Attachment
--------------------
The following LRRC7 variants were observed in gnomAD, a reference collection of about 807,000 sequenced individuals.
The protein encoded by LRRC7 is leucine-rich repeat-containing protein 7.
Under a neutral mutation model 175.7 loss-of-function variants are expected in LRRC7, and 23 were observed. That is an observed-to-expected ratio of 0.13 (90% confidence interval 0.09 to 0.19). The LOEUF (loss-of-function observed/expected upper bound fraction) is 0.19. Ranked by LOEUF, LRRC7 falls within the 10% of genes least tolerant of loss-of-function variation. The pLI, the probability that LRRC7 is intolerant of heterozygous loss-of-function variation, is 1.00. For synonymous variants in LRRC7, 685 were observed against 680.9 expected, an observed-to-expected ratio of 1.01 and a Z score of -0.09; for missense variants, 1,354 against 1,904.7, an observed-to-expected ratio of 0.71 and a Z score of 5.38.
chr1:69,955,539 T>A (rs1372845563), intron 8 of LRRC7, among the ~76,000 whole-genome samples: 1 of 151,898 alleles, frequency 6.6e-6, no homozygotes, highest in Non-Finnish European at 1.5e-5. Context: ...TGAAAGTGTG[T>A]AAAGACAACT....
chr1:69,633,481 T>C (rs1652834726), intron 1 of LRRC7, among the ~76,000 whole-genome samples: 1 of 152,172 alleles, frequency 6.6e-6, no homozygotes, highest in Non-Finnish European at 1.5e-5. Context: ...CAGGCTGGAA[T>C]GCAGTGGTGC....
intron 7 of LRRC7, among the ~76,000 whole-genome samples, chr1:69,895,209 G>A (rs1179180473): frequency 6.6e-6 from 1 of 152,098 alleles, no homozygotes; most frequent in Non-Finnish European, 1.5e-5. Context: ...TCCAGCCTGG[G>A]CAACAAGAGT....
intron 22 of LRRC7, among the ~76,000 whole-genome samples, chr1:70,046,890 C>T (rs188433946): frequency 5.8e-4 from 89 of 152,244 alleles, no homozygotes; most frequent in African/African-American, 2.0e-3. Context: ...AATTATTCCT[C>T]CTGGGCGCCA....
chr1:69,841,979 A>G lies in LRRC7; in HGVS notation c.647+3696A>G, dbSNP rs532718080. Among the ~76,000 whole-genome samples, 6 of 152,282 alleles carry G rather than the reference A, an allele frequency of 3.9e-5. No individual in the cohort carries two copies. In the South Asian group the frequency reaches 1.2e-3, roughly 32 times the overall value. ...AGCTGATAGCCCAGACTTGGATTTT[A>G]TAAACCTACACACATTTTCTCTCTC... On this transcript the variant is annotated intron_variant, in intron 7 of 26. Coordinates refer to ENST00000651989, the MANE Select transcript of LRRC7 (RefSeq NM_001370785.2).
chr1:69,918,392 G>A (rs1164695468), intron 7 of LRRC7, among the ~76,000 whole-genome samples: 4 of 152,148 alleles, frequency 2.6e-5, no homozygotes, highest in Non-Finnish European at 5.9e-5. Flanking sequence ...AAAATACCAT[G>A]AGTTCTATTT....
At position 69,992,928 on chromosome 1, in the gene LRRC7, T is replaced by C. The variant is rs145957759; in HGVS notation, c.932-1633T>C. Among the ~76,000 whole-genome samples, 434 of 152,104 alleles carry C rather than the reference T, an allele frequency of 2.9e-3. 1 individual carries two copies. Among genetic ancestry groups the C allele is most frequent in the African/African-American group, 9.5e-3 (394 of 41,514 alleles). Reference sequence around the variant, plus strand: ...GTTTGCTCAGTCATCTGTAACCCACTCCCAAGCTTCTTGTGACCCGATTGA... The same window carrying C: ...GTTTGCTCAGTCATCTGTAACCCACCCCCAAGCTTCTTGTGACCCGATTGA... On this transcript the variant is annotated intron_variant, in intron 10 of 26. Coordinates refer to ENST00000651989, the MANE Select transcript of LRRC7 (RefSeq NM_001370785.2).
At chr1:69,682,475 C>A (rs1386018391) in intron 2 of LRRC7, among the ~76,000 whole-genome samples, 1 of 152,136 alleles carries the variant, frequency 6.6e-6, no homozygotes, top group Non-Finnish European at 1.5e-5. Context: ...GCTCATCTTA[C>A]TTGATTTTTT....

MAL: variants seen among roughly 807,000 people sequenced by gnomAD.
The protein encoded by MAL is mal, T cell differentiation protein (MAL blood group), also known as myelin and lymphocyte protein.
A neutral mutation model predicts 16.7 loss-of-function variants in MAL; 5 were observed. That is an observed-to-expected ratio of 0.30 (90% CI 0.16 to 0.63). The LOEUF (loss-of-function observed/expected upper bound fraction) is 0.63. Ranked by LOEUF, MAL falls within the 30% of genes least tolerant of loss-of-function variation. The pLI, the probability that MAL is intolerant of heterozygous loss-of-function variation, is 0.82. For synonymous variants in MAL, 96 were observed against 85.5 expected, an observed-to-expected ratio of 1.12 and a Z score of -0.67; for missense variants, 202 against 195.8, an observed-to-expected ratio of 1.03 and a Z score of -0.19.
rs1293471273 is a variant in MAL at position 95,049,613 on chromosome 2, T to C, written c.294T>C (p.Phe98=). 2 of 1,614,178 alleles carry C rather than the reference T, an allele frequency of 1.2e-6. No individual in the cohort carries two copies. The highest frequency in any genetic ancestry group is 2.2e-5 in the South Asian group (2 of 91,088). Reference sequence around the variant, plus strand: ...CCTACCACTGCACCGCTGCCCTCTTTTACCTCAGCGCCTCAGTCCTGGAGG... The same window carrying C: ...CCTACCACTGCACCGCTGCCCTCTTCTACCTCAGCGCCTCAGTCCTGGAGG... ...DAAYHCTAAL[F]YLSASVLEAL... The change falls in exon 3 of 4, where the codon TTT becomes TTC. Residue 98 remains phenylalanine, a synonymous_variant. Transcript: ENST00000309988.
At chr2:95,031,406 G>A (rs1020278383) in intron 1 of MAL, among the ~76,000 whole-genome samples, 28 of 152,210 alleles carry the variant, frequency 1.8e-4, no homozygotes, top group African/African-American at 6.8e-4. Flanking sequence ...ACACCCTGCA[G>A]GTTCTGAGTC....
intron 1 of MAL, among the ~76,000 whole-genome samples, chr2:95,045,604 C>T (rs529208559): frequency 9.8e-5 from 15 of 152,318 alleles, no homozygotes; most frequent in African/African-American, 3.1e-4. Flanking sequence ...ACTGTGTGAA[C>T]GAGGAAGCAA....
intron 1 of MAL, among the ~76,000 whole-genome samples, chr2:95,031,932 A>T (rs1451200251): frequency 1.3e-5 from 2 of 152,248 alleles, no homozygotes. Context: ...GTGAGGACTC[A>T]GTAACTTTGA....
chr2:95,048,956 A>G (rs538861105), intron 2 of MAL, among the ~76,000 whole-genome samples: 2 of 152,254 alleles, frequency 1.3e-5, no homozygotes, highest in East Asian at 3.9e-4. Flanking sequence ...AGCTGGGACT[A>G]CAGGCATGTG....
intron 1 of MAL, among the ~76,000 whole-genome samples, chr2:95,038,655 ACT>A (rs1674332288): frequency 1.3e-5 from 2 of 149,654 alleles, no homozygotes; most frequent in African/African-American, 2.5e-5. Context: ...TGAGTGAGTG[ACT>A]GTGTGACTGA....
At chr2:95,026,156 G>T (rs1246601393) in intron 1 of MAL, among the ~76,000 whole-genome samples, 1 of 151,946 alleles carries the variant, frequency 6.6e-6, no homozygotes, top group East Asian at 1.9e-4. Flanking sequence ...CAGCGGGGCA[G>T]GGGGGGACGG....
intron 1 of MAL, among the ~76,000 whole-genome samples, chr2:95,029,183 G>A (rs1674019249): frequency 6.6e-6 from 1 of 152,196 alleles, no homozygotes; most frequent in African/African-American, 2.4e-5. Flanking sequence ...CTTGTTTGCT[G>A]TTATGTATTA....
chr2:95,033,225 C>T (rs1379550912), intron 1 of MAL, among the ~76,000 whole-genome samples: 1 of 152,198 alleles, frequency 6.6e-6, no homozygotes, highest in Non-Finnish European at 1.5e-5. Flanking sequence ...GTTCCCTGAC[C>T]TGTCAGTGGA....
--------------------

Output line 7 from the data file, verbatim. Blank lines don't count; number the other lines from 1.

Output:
intron 22 of LRRC7, among the ~76,000 whole-genome samples, chr1:70,046,890 C>T (rs188433946): frequency 5.8e-4 from 89 of 152,244 alleles, no homozygotes; most frequent in African/African-American, 2.0e-3. Context: ...AATTATTCCT[C>T]CTGGGCGCCA....